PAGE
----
The District of Northern Illinois offers a database of opinions for the years 1999 to 2013, listed by year and judge. For a more detailed search, enter the keyword or case number in the search box above.

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Judge Jack B. Schmetterer

Judge Carol A. Doyle

In re Lori Zachmann
April 2, 2013

10 B 32410

Judge A. Benjamin Goldgar

12 B 18047

Judge Donald R. Cassling

10 B 16683

Judge Jacqueline P. Cox

11 B 40944 (jointly administered)

In this memorandum opinion, the Court denied confirmation of the Debtor’s Third Amended Plan of Reorganization. The Court noted that to satisfy the Bankruptcy Code’s requirement that the Debtor’s Plan be fair and equitable, a plan must propose an interest rate adequate to assure the realization of the Bank’s claim. In this case, the Court determined that the interest rate advanced by the Debtor did not sufficiently capture the risk that the Debtor would not satisfy the Bank’s claim. The Court also determined that the Plan was not feasible because the Debtor failed to prove that the property would increase in value enough to give the Debtor sufficient equity to facilitate refinancing at the end of 7 years to fund a balloon payment to the Bank. Also, relying on the Seventh Circuit’s decision in In re Castleton Plaza, LP, No. 12-2639, 2013 WL 537269, and Bankruptcy Code Section 101(31)(B), the Court held that the nature of the plan warrants application of the absolute priority rule as the plan gave the Debtor’s insider preferential access to an investment opportunity in the Reorganized Debtor without allowing others to compete for that opportunity. The Court also granted the Bank’s request for relief from the automatic stay because the Debtor failed to show that there is a reasonable possibility of a successful reorganization.

Judge Janet S. Baer

In re: Brenda K. Rogers
March 14, 2013

10 B 57906

Counsel for the Debtor filed an amended fee application in this chapter 13 case. Notwithstanding counsel’s agreement to the flat fee pursuant to the Court-Approved Retention Agreement, he sought approval of a fee of $23,379, which was $19,879 over the court-authorized flat fee. The issue before the Court was whether this case presented “extraordinary circumstances” that would warrant the additional fee. In reviewing both the history of activity in the case and counsel’s itemized time records, the Court found certain services to be extraordinary and granted fees of $14,140 in addition to the $3,500 flat fee, as well as $323 for reimbursement of expenses. The Court denied fees as to the remaining amounts requested in the amended fee application.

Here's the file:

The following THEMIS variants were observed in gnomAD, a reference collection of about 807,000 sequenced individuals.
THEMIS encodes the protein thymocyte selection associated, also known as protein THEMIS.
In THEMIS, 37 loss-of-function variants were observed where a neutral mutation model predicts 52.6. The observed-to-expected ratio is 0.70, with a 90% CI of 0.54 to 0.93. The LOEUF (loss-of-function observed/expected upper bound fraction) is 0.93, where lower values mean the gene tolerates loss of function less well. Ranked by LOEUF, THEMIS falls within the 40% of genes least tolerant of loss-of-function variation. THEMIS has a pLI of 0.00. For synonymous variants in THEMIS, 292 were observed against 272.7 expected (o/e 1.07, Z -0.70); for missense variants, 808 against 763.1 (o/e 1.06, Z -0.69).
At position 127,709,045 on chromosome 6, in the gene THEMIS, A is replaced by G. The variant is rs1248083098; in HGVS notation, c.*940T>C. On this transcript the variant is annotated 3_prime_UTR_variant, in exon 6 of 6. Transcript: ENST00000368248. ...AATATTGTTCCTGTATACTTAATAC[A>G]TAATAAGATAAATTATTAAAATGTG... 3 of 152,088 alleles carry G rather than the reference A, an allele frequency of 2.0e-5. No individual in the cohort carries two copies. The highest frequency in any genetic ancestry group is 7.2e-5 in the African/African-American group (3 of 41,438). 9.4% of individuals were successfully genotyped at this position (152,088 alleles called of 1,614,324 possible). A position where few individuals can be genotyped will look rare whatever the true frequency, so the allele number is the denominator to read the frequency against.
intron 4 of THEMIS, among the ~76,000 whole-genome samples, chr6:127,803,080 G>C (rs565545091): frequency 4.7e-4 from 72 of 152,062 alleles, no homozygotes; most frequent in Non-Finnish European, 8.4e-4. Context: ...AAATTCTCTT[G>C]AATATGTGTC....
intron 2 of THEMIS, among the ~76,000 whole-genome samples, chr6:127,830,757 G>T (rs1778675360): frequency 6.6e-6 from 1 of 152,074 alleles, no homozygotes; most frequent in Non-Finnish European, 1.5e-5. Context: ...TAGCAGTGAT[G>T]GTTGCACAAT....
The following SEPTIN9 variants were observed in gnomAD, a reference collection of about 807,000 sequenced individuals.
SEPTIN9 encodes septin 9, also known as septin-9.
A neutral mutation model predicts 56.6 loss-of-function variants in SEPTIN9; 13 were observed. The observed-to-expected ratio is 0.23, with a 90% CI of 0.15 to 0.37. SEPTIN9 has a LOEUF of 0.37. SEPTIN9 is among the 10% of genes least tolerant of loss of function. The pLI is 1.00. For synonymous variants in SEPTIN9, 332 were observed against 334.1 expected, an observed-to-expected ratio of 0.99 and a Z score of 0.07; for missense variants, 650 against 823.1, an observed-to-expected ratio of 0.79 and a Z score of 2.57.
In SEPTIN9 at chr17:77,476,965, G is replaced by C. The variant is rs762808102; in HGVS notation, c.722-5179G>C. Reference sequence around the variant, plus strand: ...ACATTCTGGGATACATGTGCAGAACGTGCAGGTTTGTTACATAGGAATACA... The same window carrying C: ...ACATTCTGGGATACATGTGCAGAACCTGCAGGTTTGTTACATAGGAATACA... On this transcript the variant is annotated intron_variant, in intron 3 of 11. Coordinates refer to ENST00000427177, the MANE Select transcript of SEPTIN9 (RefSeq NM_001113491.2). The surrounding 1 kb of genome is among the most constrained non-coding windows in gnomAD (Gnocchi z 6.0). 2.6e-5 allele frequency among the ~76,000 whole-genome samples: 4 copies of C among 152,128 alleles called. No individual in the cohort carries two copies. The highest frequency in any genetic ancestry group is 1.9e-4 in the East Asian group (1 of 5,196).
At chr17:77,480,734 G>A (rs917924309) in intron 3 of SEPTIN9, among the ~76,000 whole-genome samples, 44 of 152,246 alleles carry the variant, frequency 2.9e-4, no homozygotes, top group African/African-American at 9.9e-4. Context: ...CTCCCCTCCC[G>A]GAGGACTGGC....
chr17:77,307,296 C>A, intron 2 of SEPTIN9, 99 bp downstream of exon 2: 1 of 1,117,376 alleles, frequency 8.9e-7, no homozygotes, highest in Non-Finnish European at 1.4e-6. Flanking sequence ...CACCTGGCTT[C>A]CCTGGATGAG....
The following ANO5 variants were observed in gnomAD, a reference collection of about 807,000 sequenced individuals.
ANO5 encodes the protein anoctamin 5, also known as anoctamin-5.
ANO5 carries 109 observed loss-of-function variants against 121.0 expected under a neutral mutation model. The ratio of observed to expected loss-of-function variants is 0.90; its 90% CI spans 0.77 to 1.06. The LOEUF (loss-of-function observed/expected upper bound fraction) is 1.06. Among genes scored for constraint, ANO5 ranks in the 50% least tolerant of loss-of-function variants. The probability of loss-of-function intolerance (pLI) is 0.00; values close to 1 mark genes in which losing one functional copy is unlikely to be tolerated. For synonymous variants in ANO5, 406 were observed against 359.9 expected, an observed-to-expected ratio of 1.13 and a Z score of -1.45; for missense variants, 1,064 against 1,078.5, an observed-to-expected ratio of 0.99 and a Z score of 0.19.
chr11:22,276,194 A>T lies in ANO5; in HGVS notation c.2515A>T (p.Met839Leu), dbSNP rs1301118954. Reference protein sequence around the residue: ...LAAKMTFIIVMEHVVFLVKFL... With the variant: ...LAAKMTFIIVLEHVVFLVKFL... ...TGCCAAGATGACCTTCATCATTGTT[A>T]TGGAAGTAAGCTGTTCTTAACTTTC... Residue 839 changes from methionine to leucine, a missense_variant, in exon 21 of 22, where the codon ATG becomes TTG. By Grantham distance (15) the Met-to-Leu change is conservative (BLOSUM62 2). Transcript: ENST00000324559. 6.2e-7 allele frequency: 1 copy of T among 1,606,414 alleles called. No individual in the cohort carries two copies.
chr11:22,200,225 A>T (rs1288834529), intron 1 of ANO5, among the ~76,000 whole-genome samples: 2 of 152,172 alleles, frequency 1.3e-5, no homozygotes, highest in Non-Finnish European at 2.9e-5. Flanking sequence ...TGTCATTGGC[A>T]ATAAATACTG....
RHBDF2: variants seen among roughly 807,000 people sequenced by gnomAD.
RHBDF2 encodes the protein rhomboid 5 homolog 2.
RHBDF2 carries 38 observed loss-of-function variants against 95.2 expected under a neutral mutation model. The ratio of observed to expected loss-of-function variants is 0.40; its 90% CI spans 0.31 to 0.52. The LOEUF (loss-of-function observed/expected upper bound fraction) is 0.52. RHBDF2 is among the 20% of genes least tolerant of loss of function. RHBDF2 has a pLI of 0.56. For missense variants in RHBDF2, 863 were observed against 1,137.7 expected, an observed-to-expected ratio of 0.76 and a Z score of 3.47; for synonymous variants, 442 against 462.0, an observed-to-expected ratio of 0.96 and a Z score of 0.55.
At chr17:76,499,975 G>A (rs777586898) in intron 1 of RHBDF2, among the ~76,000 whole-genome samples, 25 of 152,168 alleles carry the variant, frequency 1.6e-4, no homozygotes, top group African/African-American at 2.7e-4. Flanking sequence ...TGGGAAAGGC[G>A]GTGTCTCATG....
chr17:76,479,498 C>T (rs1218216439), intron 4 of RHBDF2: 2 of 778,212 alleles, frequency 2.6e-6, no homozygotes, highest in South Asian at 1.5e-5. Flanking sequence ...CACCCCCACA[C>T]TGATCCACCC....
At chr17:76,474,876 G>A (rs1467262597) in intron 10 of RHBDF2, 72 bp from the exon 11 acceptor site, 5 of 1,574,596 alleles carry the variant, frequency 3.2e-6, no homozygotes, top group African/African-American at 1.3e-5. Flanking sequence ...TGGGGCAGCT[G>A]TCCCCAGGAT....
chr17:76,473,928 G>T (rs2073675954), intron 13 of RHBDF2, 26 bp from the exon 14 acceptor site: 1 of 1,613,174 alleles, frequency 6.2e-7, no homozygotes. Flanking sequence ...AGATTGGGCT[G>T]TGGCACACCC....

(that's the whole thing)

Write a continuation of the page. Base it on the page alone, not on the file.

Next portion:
Judge Pamela S. Hollis

08 B 31707, 11 A 02415

Debtors/Plaintiffs filed for relief under Chapter 13 and confirmed their plan. They fell behind on plan payments, attempted to catch up, then voluntarily dismissed their case. The Chapter 13 Trustee was left holding a sum of money at dismissal. Debtors filed an adversary proceeding seeking turnover of the funds. The Chapter 13 Trustee argued that she must distribute the funds to creditors. Debtors filed a motion for judgment on the pleadings, since no facts were in dispute. HELD: The funds must be returned to the Debtors. 11 U.S.C. 1326(a)(2), which instructs trustees to distribute certain payments to creditors in accordance with the plan, applies only to preconfirmation payments. Postconfirmation, trustees must make payments under the plan pursuant to 1326(c). At dismissal, however, 349(b)(3) revests property of the estate in the entity in which such property was vested immediately before the commencement of the case, which in the case of funds paid into the plan, held by the Chapter 13 Trustee and not yet distributed, is the Debtors.

09 B 26595, 09 A 01045

Debtor/Defendant had a successful remodeling and construction business. He and Plaintiff, a salaried and less-successful tool and die designer, became close friends. When Plaintiff sold his home and found himself with some extra cash, they agreed to invest in new construction. Defendant chose the location, acted as the general contractor and arranged for construction financing. Plaintiff put up the money and his name alone was on the title and loan. The house was completed just in time for the real estate market to crash. The bank foreclosed and got a deficiency judgment against Plaintiff, who asked Defendant where all the money had gone. Defendant could only account for about three-quarters of the funds. Plaintiff sought a finding that Defendant's debt was nondischargeable under 523(a)(2) and (a)(4). Following a multi-day trial, the parties briefed the issues and Plaintiff dropped the 523(a)(2) count. HELD: The parties had a fiduciary relationship because of the difference in knowledge and power which gave Defendant a position of ascendancy over Plaintiff. The debt was caused by Defendant's defalcation while acting in a fiduciary capacity, and is nondischargeable pursuant to 523(a)(4)